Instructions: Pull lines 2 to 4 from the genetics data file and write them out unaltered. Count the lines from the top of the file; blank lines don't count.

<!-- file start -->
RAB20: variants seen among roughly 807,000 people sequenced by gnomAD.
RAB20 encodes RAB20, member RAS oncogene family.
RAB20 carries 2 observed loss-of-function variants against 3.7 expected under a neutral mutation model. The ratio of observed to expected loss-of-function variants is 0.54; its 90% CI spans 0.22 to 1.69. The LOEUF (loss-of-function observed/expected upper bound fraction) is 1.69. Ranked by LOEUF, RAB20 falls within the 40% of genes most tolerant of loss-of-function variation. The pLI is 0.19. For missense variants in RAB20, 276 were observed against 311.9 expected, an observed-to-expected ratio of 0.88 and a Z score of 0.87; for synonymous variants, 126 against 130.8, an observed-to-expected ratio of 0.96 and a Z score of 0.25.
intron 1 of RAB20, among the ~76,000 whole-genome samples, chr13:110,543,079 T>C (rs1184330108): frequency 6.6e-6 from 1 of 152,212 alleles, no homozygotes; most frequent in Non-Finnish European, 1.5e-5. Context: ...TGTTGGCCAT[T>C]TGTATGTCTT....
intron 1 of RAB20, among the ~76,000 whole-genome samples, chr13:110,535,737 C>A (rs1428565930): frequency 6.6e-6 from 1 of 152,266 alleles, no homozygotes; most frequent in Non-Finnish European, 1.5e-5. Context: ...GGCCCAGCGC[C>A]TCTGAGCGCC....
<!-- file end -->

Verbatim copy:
RAB20 encodes RAB20, member RAS oncogene family.
RAB20 carries 2 observed loss-of-function variants against 3.7 expected under a neutral mutation model. The ratio of observed to expected loss-of-function variants is 0.54; its 90% CI spans 0.22 to 1.69. The LOEUF (loss-of-function observed/expected upper bound fraction) is 1.69. Ranked by LOEUF, RAB20 falls within the 40% of genes most tolerant of loss-of-function variation. The pLI is 0.19. For missense variants in RAB20, 276 were observed against 311.9 expected, an observed-to-expected ratio of 0.88 and a Z score of 0.87; for synonymous variants, 126 against 130.8, an observed-to-expected ratio of 0.96 and a Z score of 0.25.
intron 1 of RAB20, among the ~76,000 whole-genome samples, chr13:110,543,079 T>C (rs1184330108): frequency 6.6e-6 from 1 of 152,212 alleles, no homozygotes; most frequent in Non-Finnish European, 1.5e-5. Context: ...TGTTGGCCAT[T>C]TGTATGTCTT....